Monday, June 3, 2013 - The U.S. Secretary of the Interior today announced the approval of three major renewable energy projects totaling 520 megawatt capacity.
Combined, the projects will deliver enough clean power to supply the electricity needs of nearly 200,000 homes and will create hundreds of jobs.
The 100-megawatt Quartzsite Solar Project in Arizona project will use concentrating solar thermal technology and will be situated on 1,600 acres of Interior’s Bureau of Land Management administered lands. The facility will generate enough electricity to meet the needs of an estimated 30,000 homes. The solar farm will use dry-cooling technology to minimize water consumption.
The 350-megawatt Midland Solar Project in Nevada is solar panel based and will provide enough electricity to power about 105,000 homes.
The 70 megawatt New York Canyon Geothermal Project in Lovelock, Nevada will provide enough power to serve around 60,000 households.
"These projects reflect the Obama Administration's commitment to expand responsible domestic energy production on our public lands and diversify our nation's energy portfolio," Secretary Jewell said. "Today’s approvals will help bolster rural economies by generating good jobs and reliable power and advance our national energy security."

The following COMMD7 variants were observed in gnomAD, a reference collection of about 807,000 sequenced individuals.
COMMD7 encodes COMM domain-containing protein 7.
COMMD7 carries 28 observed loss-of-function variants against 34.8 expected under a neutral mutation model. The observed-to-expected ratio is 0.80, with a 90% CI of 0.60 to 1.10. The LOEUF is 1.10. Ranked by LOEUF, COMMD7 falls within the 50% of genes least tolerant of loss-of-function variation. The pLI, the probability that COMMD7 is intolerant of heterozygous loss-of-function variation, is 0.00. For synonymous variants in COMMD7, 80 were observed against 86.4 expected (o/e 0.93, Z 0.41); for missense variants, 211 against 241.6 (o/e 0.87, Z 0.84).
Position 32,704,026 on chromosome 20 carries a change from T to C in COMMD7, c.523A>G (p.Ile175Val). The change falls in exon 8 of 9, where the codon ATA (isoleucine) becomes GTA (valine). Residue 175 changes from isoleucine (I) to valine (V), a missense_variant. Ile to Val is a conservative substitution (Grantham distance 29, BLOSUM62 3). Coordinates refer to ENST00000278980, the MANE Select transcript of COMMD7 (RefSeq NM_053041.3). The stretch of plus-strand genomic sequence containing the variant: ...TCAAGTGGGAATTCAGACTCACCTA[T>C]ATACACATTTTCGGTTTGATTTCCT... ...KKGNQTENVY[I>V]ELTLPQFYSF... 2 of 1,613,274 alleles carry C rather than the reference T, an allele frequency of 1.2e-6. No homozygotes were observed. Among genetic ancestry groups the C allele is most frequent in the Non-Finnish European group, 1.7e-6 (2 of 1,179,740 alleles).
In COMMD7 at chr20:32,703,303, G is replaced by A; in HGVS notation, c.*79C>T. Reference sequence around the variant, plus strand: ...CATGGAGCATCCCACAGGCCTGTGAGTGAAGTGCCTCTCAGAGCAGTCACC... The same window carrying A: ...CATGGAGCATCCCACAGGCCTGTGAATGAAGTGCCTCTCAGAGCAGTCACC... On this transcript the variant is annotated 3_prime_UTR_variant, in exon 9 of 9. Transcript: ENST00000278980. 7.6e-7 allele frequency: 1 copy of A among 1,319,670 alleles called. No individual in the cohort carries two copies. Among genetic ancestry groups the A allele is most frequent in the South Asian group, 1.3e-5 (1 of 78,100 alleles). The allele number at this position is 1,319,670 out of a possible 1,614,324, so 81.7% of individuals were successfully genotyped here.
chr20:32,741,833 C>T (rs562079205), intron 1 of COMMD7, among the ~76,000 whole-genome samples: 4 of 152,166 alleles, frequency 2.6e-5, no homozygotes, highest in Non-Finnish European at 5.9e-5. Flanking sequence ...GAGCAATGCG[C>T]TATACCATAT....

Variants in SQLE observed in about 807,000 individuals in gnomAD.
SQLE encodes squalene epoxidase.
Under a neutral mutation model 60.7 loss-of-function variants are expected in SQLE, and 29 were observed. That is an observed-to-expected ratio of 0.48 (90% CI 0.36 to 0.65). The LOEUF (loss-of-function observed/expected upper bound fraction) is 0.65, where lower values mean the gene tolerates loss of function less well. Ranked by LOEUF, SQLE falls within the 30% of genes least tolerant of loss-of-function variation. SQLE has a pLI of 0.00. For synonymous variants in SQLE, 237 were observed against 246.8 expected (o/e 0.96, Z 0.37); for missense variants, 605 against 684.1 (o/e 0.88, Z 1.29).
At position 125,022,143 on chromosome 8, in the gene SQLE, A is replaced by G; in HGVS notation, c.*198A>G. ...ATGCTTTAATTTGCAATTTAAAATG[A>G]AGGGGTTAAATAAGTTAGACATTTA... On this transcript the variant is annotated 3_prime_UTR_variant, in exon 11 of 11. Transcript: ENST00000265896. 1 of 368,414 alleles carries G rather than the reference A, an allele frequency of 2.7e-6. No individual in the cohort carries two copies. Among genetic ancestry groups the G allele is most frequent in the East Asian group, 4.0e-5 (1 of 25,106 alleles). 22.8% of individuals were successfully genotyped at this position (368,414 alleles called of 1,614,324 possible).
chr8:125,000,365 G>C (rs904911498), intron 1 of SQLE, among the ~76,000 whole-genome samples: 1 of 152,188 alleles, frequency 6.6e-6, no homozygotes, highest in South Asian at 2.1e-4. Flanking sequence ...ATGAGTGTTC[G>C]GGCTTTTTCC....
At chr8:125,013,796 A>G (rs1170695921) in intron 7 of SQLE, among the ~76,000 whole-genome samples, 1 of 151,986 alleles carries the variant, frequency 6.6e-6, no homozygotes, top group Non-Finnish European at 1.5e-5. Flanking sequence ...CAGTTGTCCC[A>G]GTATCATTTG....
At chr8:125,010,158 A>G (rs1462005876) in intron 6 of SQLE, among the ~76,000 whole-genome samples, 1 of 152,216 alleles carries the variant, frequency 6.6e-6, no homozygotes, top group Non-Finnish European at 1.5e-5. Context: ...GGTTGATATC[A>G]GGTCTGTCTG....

In all projects, the Interior’s Bureau of Land Management (BLM) worked closely with stakeholders to minimize potential environmental impacts.
25 utility-scale solar farms, 9 wind farms and 11 geothermal plants have been approved by the Department of the Interior since 2009. When all have been constructed, they will represent a total of 12,500 megawatts of capacity, enough electricity to power more than 4.4 million homes. The Department surpassed President Obama's goal of authorizing 10,000 MW of renewable energy projects on public lands by the end of 2012.
A further 15 active renewable energy proposals are in the BLM pipeline, which will be reviewed this year and in 2014.